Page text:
'Make finals or pack your bags' - Hodge on IPL's 'cut-throat' culture for coaches

The former Australia batsman has been part of the IPL as player and coach for several franchises, and brings an insider's view to how teams operate

Kings XI coach Brad Hodge at the press conference, Rajasthan Royals v Kings XI Punjab, IPL 2018, Jaipur, May 8, 2018

Kings XI coach Brad Hodge at the press conference  •  BCCI

As the IPL grows older and gets more competitive, its owners are becoming more demanding and "cut-throat", in the words of tournament veteran and two-time coach Brad Hodge. "It's pretty brutal (for coaches) in this part of the world (IPL). If you don't make the finals here, you pretty much pack your bags and walk out the door."
Hodge, who coached Gujarat Lions and Kings XI Punjab between 2016 and 2018, was talking to ESPNcricinfo's Talking T20 podcast, in a wide-ranging chat on life inside an IPL team. An IPL regular since the first season, Hodge played for three different teams, including the Rajasthan Royals side that made the playoffs in 2013.
As coach, he took Lions to the playoffs in their inaugural season in 2016. A miserable 2017 season later - the last for the franchise since it had only a two-year term - he moved to Kings XI Punjab for IPL 2018. However, they frittered away a promising start of five wins in their first six games to finish seventh on the points table.
Hodge, who has since parted ways with the franchise as has team mentor Virender Sehwag, continues to coach in the Caribbean Premier League with St.Lucia Stars. However, he feels the culture in the IPL is different from most other T20 leagues, considering the scale of the tournament and the stakes involved.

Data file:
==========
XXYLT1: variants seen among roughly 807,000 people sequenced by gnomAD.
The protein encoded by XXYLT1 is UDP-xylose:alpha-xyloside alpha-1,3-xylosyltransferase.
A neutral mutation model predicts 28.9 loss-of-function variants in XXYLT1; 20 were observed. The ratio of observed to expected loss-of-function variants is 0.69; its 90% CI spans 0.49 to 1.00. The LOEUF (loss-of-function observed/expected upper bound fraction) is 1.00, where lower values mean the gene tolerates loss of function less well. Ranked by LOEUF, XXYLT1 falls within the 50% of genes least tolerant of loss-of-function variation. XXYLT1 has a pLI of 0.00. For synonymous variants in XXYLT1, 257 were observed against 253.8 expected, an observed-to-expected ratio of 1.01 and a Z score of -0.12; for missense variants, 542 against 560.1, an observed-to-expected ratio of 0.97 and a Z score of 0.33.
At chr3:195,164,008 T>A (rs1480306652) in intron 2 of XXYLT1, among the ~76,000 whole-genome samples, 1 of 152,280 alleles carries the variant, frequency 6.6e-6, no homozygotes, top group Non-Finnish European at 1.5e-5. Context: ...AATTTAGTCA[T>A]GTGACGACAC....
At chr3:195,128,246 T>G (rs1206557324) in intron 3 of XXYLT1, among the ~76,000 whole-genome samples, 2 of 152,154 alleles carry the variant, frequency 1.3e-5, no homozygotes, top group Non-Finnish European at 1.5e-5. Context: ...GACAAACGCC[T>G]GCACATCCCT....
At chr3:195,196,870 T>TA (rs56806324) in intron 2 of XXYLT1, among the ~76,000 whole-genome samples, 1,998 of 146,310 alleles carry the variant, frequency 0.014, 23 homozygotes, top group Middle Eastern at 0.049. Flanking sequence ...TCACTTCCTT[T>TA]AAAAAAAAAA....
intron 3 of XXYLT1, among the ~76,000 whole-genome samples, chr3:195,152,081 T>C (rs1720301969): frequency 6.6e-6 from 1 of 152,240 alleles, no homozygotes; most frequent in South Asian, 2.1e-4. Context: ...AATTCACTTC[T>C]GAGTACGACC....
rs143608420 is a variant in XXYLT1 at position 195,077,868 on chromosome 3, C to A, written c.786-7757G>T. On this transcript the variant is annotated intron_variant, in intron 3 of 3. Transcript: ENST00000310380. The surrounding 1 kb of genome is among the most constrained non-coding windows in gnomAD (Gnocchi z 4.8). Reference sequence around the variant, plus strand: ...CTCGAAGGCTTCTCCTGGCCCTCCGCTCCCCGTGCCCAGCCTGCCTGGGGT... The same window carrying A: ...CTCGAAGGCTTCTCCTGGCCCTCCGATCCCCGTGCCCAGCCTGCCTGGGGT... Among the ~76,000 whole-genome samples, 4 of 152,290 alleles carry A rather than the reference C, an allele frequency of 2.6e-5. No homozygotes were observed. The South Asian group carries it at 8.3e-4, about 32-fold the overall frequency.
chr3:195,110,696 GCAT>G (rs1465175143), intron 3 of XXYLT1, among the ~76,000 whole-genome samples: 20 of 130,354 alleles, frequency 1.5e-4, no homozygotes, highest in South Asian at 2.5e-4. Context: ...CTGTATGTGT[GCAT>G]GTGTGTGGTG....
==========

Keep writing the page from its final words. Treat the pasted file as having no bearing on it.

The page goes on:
"Look, it's pretty cut-throat here actually... I sort of said to the Kings XI Punjab (owners), 'How do you define success? What do you actually want to do?' You haven't won in ten years, so if I'm not to win next year, how am I defined?" He cited Chennai Super Kings and Mumbai Indians, the two most successful sides in IPL history, as examples of a well-defined long-term vision working well.
"I sort of said to them (Kings XI owners), 'How many times do you want to win (the IPL) in a decade?' And I thought three is realistic. It doesn't matter whether you win this year, next year or the year after. You could win three in a row in the mid-pack. Just that if you've won three in a decade... If you look at CSK, they've won three. Mumbai Indians, they've won three. They've got a successful ten years."
Super Kings, along with Sunrisers Hyderabad, have two of IPL's longest serving coaches in Stephen Fleming (2009-2015, 2018 onwards) and Tom Moody (2013 onwards), while Rajasthan Royals' Paddy Upton and Kolkata Knight Riders' Jacques Kallis are the only other current head coaches who have been around for more than three seasons with the same franchise.
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